• The software that is provided by Vodafone and most of the providers is very limited in being able to monitor data. I can monitor my data within the hour with Internode for local usage, yet Vodafone would say data usage may not inlcude the last 48 hours, and telstra seems to not include the last 6 hours. I know I stay below my limit, but monitoring it is an issue. Because I’m a legacy system telstra customer. I don’t know how much of my plan allowance (I despise the word “Cap” when it isn’t) I use until the bill arrives. I’m able to roughly calculate based on my own usage, but not to the degree telstras computers can when used to calculate my bill. Frankly, I’d rather have a number of prepaid minutes, unlimited text and 2.5Gb allowance that either slows or stops when I get there. It’d make it a darn sight easier for me caculate my calls. When calls cost 90c/min (or Think $54/hour). Theoretically, I have 1080 minutes, less flagfall or other non-included usage. (or 18 hours). Not accounting for flagfalls (which is a joke when you are charged in minute blocks anyway!), the call rate of my $79 plan is 7c/minute based on normal usage.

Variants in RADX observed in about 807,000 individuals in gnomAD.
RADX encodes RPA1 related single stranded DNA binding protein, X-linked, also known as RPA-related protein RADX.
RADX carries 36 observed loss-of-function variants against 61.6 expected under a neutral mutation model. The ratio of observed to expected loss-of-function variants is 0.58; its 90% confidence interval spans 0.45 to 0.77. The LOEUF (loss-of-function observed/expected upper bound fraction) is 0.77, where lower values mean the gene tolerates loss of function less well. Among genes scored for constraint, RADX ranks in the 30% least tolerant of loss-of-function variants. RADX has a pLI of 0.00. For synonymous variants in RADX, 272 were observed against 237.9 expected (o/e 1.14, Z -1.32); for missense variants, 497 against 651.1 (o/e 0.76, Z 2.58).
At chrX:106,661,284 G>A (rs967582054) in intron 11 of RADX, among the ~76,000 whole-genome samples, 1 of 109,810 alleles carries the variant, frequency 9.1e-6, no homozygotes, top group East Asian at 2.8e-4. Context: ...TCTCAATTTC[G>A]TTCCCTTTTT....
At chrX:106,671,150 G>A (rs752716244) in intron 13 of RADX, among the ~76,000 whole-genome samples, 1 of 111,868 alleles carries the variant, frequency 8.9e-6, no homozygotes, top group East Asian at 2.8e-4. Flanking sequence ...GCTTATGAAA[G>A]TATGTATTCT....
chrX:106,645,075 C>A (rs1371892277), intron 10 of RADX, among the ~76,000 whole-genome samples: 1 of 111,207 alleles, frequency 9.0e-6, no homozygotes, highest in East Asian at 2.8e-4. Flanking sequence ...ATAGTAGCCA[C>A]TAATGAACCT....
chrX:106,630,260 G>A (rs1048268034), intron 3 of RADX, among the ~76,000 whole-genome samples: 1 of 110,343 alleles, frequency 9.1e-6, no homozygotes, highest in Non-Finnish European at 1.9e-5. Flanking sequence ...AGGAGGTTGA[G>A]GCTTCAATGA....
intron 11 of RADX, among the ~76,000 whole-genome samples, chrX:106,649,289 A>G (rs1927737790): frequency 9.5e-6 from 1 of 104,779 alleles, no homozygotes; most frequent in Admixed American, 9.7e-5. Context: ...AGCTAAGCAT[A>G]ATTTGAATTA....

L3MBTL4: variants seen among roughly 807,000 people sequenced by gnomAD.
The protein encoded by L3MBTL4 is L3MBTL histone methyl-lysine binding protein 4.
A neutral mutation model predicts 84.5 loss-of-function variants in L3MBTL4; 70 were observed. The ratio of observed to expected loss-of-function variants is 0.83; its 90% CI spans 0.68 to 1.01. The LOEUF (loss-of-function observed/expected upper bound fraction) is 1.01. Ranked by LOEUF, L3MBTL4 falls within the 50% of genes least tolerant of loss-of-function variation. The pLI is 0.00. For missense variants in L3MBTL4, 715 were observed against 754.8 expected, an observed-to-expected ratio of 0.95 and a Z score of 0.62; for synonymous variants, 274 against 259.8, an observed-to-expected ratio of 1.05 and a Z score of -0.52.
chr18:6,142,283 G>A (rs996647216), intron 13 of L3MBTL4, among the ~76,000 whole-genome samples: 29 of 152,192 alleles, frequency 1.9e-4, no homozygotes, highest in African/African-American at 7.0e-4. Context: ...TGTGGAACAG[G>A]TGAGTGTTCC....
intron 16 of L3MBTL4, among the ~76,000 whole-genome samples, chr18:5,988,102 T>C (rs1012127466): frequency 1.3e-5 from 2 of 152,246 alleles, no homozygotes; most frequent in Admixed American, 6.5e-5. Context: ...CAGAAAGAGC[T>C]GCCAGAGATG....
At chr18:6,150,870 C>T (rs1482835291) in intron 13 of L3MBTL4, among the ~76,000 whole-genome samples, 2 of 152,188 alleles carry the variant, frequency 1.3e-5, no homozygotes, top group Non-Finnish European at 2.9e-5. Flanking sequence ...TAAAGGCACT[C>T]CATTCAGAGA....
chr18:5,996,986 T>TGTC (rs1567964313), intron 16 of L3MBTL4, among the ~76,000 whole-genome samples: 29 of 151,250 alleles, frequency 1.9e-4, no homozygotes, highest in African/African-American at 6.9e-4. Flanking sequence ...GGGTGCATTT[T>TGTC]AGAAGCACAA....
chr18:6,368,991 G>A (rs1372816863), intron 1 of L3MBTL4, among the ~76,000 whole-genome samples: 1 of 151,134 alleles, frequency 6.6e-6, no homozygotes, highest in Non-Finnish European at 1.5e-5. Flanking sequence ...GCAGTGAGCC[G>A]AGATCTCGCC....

• dan

    Thanks for your honesty for being the only commentor to openly say they work for a telco. And for stating what they honestly think of their customers. No surprise to me.

  • I have to say consumers in this country are so caught up in signing up for 24 months for a “free” phone. When you look at the cost to buy a phone outright, you generally save upwards of $500 (depending on the model). Prepaid has become so much more lucrative nowadays with all the unlimited offerings Eg. Boost, Amaysim, Red bull, Optus $2 days etc. If your spending anymore that $40-60 a month on your mobile phone, yes you are an idiot as their is such a better deal out there.